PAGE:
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Cinco De Mayo Traditions: Stay Thirsty, Stay Classy

Cinco de Mayo Tradition - Bamba Poster

Cinco de Mayo is here! But before you and your friends put on sombreros and serapes (you know, those “Mexican ponchos”), you’ll want to rethink that stereotypical costume… and possibly that last tequila shot once you read our quick and easy guide explaining Cinco de Mayo traditions, history, and culture.

Celebrate, Don’t Appropriate

Many frats and sororities across the U.S. are the main culprits of turning this Mexican memorial date into an offensive night of wild drinking and insensitive outfits, whether intentional or not. A word of advice: the second you reduce Mexican history into the overly specific theme of “bad hombres,” drug dealers, gang members, or lazy workers, you’re not so much celebrating Mexican culture and its diversity (just read this traveller’s adventure in Mexico) as you are ridiculing and simplifying an entire population.

cinco de mayo tradition: papel picado

“Cindo de Drinko”:  Cinco de Mayo Traditions

But don’t pack up your party favours yet! You can have your cake and eat it too, or should I say, you can still have your mojito and drink it too. There’s nothing wrong with throwing a rager for Cinco de Mayo, so here are a few tips on how to do so without offending an entire culture.

  1. Don’t wear offensive costumes! Instead wear your regular clothes, because guess what? Mexican people wear jeans and hoodies too, and sometimes they even wear socks with sandals (“ay caramba!”)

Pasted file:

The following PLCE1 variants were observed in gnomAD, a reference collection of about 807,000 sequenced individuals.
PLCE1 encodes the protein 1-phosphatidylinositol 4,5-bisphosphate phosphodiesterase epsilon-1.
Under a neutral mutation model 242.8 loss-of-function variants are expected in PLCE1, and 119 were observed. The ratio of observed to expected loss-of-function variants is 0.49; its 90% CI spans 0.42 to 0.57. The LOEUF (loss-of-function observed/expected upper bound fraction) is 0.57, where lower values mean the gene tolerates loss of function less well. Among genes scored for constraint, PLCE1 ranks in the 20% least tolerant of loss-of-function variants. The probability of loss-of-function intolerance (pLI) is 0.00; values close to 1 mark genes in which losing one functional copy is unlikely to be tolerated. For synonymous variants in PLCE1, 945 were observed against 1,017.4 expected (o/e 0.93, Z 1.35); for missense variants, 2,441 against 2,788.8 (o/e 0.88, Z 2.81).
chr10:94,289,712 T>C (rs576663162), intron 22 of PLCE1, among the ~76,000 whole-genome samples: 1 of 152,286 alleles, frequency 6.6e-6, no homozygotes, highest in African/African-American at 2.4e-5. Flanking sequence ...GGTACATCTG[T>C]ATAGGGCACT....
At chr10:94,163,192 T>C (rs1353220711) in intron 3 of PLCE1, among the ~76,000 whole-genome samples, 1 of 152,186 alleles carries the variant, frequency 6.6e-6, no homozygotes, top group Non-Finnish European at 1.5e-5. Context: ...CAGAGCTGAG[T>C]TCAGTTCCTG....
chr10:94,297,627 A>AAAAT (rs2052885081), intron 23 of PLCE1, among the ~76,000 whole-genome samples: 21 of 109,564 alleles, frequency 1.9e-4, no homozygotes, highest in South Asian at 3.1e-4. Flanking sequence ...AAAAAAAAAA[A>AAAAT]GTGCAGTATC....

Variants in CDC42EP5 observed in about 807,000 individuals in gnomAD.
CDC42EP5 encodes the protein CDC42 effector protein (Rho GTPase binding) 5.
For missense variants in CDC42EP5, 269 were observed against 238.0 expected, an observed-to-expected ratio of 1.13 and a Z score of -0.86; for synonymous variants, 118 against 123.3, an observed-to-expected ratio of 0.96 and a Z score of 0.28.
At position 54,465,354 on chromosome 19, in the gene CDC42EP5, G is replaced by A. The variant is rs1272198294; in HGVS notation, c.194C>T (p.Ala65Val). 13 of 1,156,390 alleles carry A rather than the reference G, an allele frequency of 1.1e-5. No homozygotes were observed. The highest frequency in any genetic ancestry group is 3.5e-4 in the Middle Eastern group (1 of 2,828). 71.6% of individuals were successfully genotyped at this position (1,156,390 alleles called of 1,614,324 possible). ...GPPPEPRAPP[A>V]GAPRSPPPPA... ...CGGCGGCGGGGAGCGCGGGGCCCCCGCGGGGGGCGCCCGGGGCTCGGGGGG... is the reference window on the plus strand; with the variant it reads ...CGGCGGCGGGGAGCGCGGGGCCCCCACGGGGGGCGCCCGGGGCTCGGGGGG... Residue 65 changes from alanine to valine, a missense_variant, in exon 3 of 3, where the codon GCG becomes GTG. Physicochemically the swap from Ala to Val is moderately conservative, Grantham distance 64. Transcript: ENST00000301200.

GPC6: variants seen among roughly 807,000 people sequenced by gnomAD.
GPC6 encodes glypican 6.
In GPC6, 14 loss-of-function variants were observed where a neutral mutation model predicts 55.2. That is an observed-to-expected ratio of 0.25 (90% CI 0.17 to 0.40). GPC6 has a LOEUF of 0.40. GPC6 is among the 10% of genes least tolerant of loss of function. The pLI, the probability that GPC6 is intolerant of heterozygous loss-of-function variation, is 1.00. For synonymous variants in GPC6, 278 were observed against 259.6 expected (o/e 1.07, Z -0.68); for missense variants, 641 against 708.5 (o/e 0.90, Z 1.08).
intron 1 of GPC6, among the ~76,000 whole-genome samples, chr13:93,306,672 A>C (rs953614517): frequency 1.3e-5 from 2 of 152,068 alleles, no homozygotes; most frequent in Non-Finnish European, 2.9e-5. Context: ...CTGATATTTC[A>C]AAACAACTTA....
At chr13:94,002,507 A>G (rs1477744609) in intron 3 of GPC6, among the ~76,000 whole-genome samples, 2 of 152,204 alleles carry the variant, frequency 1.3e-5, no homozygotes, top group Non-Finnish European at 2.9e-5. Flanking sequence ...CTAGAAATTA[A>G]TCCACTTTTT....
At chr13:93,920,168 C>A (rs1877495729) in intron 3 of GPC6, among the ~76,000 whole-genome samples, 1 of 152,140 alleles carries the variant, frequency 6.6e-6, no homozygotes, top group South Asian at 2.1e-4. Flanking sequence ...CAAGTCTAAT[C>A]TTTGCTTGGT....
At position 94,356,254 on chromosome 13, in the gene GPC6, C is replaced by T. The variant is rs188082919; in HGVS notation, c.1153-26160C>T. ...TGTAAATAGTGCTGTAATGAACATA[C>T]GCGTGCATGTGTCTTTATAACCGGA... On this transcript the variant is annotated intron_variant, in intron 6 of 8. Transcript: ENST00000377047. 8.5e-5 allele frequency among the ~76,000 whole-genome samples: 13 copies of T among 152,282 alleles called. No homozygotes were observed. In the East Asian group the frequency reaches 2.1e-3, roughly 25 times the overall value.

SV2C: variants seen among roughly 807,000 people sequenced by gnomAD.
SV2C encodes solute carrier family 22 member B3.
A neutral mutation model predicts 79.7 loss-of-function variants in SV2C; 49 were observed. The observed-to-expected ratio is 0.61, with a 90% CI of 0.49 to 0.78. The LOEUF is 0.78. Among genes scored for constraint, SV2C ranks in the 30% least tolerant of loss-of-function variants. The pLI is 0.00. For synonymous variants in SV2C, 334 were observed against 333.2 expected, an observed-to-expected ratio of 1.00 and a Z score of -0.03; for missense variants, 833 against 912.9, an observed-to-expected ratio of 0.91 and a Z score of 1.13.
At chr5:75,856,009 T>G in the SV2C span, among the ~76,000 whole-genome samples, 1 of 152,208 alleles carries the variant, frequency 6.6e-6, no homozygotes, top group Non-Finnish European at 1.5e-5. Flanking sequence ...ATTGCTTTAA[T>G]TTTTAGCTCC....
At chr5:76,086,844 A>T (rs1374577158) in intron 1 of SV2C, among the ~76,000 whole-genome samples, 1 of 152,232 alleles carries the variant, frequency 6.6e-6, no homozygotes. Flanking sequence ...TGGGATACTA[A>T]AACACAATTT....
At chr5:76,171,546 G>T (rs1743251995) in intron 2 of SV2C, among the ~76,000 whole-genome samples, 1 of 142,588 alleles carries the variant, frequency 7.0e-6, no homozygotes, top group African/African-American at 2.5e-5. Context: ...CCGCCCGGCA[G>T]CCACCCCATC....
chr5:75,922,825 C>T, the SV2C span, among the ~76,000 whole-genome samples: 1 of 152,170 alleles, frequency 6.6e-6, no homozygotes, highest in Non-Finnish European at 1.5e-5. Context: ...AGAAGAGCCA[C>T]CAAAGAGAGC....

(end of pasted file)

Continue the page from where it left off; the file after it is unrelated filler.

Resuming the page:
2. Do me a favour and buy these party favours. Support your local Mexican-owned businesses and stick to the traditional papel picado (colorful tissue paper cut into decorative patterns), Mexican flags, festive paper flowers, and for the kids, smash-worthy piñatas.
  3. You can never go wrong with Mexican food. Don’t be afraid to make traditional Mexican dishes whether it’s something simple as tacos and Spanish rice or something a bit more complicated like tamales and red mole.

Cinco de Mayo Tradition - Battle of Puebla

Cinco de Mayo History and Culture

Cinco de Mayo is not Mexico’s Independence Day, despite popular belief. It actually commemorates the victorious Battle of Puebla in 1862 against the invading forces of the French army and its leader Napoleon III. France sent its troops to occupy the town of Puebla when Mexico defaulted on its payments to France and other European countries. The French occupation ultimately failed when Mexico’s most cherished president Benito Juarez rallied its troops and fought off the foreign invaders.

Cinco de Mayo Fun Facts

Now every year Americans commemorate Cinco de Mayo with nachos and burritos, but thanks to this article you can also impress your friends at the party with these true facts about Cinco de Mayo.

  • Mexico’s “army” – a ragtag group of 4,000 – had defeated France’s well-equipped and highly trained troop of 6,000.
  • An estimated 81 million avocados are consumed on Cinco de Mayo… and that’s just in California!
  • The biggest Cinco de Mayo celebration is held in Los Angeles, California where an estimated 600,000 people attend “La Fiesta Broadway
  • Cinco de Mayo is also widely celebrated in Canada, the U.K., Australia, and the island country of Malta (below Italy).

For a foodie like me, Cinco de Mayo is less about shots of Patron and more about savoring elotes con mayonesa, chiles rellenos. and all that yummy guac.
How do you celebrate Cinco de Mayo?